By Mardee Handler
This November, voters in 36 states will cast their votes for a new (or re-elected) governor. Not unlike during other election seasons, TV screens across the nation are already ablaze with political ads that attack the opponent and distort the facts.
Unfortunately, many citizens rely on this campaign propaganda as their primary resource for information about the candidates. If you’d like to avoid the drama and skip straight to the facts, consider these four ways to get your hands on objective information.
1. Follow State and Local Media Election Coverage
“For high quality and timely information on gubernatorial candidates, the best source is usually a daily state newspaper. Typically, the state’s flagship paper or the one based in the state capitol is an excellent source of balanced coverage,” according to Barry Burden, Professor of Political Science at the University of Wisconsin-Madison.
As election time gets closer, many local newspapers also publish special Voter Guides. Even before then, local papers usually provide timely coverage of candidates’ activities, speeches, debates and stances on various issues.
2. Check the Facts
Factcheck.org, a project of the Annenberg Public Policy Center of the University of Pennsylvania, is a nonpartisan, nonprofit “consumer advocate” for voters. It supports or disputes claims made by political candidates – and sitting elected officials. In addition to a special 2014 Election section, the website also includes a forum for submitting questions and a quiz to test your political knowledge. Enter the name of any state in the search box to see a list of articles pertaining to claims made by politicians or candidates in your state.
PolitiFact, an independent journalism website hosted by the Tampa Bay Times, also aims to set the record straight for voters. Its trademarked Truth-o-Meter acknowledges the vast gray area that often lies between fact and fiction, and that many statements can, indeed, be partly true or false. It currently covers issues in 8 states: Florida, Georgia, New Hampshire, Oregon, Rhode Island, Texas, Virginia and Wisconsin.
3. Reflect on Your Own Values
Voters vary considerably in what they look for in a candidate, reminds Barry Burden. “Surveys show that factors such as integrity, competence and compassion often rank highly.”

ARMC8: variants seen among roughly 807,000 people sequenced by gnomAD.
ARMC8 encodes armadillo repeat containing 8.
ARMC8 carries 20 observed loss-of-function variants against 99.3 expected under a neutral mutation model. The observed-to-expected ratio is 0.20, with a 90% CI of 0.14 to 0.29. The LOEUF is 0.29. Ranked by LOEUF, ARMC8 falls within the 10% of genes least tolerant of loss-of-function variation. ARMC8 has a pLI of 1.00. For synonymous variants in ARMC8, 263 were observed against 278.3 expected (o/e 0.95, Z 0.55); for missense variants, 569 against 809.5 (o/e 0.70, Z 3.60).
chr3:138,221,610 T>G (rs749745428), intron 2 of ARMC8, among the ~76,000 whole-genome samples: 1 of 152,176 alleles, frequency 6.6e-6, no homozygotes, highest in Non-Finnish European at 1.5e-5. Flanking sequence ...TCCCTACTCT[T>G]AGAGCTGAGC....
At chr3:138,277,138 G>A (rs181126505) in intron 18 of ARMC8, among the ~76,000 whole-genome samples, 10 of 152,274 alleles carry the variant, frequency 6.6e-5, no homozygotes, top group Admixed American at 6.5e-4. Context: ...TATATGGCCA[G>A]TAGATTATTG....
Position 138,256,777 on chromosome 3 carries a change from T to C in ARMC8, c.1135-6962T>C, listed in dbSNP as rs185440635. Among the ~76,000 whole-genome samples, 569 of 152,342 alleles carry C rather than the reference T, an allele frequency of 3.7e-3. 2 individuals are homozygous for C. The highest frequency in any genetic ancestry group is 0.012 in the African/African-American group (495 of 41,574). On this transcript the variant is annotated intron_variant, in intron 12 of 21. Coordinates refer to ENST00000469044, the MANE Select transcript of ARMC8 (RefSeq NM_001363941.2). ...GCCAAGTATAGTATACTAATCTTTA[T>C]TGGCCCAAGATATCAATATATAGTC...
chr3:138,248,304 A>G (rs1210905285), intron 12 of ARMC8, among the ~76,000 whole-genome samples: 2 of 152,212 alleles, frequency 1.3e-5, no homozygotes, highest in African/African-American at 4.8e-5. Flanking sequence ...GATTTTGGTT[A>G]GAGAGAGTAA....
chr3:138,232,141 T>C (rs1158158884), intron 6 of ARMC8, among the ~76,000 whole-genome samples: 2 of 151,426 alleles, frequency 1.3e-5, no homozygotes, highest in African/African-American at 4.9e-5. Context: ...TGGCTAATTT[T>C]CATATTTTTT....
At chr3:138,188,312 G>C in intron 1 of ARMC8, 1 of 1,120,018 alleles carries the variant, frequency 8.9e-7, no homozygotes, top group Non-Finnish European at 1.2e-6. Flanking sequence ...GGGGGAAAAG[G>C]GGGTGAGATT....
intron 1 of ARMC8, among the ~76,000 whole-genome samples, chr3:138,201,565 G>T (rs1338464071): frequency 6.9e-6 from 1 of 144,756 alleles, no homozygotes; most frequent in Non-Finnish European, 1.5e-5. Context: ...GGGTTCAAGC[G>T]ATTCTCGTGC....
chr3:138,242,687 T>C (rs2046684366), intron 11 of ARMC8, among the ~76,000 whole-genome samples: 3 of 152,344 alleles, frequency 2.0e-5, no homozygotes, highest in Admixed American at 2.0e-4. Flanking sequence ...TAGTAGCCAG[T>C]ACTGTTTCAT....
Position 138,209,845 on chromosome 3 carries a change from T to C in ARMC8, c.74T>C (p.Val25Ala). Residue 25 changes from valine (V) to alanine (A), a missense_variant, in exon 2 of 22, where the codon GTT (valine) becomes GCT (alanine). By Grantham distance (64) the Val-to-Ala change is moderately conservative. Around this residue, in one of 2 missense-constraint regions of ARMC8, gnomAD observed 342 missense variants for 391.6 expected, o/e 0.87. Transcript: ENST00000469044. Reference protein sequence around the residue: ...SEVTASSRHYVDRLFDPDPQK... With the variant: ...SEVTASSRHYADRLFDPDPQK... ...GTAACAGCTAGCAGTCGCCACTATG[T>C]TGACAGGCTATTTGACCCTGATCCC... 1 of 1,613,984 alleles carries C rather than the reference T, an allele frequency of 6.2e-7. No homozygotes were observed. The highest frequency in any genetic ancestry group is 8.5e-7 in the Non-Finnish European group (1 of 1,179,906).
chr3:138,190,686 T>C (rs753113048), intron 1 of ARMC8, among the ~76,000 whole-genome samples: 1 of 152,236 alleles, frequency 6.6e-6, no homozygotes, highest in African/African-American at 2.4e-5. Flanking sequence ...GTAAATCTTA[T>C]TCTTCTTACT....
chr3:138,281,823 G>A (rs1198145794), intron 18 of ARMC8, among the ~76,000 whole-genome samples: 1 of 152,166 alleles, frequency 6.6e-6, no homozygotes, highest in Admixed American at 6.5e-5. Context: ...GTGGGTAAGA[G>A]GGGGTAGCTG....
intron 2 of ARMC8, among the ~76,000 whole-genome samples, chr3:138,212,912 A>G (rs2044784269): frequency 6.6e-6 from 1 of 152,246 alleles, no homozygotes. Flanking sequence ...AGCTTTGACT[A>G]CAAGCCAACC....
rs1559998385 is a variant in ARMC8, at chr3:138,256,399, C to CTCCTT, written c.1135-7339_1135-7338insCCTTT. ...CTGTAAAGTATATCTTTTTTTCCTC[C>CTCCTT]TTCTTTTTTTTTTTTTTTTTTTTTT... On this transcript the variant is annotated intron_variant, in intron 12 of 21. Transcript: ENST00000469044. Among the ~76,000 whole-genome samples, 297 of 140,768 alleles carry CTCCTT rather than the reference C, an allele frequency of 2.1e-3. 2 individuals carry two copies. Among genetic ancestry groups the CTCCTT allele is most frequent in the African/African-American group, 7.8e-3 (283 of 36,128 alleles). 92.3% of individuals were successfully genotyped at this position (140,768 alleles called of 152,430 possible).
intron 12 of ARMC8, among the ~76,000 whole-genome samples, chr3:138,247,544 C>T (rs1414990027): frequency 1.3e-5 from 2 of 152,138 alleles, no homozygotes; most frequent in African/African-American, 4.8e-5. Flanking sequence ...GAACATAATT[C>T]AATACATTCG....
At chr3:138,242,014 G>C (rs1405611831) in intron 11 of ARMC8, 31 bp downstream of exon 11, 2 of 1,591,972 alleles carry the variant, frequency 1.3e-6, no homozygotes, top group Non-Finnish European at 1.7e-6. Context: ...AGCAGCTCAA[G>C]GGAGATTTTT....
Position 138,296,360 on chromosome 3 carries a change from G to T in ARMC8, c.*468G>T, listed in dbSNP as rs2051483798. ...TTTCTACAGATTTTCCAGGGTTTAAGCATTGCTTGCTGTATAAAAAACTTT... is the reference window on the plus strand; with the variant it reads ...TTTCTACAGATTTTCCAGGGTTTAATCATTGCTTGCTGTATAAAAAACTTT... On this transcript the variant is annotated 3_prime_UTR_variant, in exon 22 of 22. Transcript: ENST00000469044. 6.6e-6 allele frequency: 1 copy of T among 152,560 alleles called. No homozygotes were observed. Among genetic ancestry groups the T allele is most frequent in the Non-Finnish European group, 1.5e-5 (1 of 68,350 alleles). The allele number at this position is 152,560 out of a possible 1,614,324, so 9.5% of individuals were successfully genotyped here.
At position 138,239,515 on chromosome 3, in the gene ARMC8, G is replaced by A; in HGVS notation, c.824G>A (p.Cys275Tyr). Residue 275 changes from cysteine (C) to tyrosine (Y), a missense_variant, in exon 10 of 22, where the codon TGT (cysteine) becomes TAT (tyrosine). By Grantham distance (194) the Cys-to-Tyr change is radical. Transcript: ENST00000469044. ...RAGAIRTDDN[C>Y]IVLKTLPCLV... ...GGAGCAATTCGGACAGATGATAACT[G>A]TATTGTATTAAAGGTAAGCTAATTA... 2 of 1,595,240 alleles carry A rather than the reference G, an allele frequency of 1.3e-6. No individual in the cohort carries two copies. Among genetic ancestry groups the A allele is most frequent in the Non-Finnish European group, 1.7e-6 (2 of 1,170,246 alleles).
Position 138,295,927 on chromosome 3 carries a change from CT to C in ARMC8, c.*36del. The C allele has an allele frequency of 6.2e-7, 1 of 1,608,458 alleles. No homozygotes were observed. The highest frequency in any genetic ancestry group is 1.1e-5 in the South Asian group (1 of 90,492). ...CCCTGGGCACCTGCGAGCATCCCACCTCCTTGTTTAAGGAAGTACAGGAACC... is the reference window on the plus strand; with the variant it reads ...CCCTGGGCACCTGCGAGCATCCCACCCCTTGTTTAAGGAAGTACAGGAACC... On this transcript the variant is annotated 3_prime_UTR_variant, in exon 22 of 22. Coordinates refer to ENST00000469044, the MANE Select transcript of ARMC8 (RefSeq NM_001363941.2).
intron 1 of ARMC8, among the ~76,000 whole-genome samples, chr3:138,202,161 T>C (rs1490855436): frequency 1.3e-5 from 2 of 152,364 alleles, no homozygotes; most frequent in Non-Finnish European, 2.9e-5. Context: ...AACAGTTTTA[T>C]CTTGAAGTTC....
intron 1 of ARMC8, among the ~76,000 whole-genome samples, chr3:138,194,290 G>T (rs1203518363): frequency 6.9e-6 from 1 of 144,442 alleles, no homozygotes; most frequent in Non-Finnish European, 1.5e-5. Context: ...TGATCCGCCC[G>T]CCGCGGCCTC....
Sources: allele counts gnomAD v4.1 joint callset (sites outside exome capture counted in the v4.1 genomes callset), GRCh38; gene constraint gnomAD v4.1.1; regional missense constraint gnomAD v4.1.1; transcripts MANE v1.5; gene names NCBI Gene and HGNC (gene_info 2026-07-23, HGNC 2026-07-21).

How candidates feel about social issues – death penalty, legalization of marijuana, etc. – could be a deciding factor in earning your support (or not!). Interactive tools, such as the Sacramento Bee’s “Candidate Match” tool can help match your opinions with a candidate best suited to earn your vote.
Vote411.org, a service of the League of Women Voters, is a service that not only encourages citizens to register to vote and helps them find polling places, but also provides an address-specific Voter Guide. It allows you to select and compare profiles for two candidates per race. Information, including biographies, links to social media pages and answers to specific election-related questions, are submitted by the candidates’ respective camps.
4. Familiarize Yourself with the Issues
Waiting until the week before a semester project was due to start your research may have worked for you back in the day, but is not a good idea when it comes to becoming an educated voter. What might be a pressing issue among candidate rhetoric one week may be an entirely different one the next. To get a well-rounded view of the candidates’ views on the hot topics in your state, start paying attention early.
What are the pressing challenges facing your state? While no human being can single-handedly fix a statewide fiscal crisis, for example, which candidate appears better suited to lead the state to economic recovery? Knowing the issues can help you assess the potential of each candidate to lead the state to better times … or to keep the good times rolling.
Determine which specific issues matter most to you. As a small business owner, do you have a vested interest in minimum wage legislation? Or will pension reform impact your retirement lifestyle?
The more you know about the hot topics in your state, the better prepared you will be to choose a candidate that not only represents your best interests, but that you feel will serve the residents of your state best.